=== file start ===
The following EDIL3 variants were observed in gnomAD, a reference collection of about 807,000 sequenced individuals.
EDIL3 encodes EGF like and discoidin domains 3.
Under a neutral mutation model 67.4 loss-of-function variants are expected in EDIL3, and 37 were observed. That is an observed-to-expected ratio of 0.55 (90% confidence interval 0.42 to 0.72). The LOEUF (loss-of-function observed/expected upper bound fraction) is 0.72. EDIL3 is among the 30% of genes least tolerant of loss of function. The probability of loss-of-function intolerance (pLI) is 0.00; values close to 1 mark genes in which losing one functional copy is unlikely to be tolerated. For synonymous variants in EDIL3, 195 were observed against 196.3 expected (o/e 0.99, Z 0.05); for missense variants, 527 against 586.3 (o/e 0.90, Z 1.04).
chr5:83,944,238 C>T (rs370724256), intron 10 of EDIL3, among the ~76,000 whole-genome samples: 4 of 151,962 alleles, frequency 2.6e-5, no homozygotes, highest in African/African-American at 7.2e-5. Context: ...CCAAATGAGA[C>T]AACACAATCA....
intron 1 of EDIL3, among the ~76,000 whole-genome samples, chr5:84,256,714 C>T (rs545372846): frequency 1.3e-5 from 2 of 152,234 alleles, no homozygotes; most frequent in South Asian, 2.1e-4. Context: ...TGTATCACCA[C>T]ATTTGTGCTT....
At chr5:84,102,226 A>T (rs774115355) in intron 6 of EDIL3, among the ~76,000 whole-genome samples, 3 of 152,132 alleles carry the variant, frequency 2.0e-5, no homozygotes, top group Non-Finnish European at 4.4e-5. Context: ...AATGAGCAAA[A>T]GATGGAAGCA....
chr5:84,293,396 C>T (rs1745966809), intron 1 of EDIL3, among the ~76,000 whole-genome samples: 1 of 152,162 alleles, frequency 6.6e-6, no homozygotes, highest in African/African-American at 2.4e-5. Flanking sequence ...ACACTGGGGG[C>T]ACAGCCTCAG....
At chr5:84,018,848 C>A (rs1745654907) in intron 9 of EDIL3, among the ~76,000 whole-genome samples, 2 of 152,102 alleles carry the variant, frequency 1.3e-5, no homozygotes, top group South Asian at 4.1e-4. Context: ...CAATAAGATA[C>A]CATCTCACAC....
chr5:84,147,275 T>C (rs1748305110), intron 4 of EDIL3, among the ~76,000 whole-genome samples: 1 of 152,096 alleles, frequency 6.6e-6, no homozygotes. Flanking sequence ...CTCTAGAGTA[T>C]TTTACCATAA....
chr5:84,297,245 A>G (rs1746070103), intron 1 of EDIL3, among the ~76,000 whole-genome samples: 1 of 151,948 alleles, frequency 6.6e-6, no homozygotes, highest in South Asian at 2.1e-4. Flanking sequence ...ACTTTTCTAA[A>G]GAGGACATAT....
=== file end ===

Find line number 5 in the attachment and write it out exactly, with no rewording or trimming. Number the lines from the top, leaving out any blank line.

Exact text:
intron 1 of EDIL3, among the ~76,000 whole-genome samples, chr5:84,256,714 C>T (rs545372846): frequency 1.3e-5 from 2 of 152,234 alleles, no homozygotes; most frequent in South Asian, 2.1e-4. Context: ...TGTATCACCA[C>T]ATTTGTGCTT....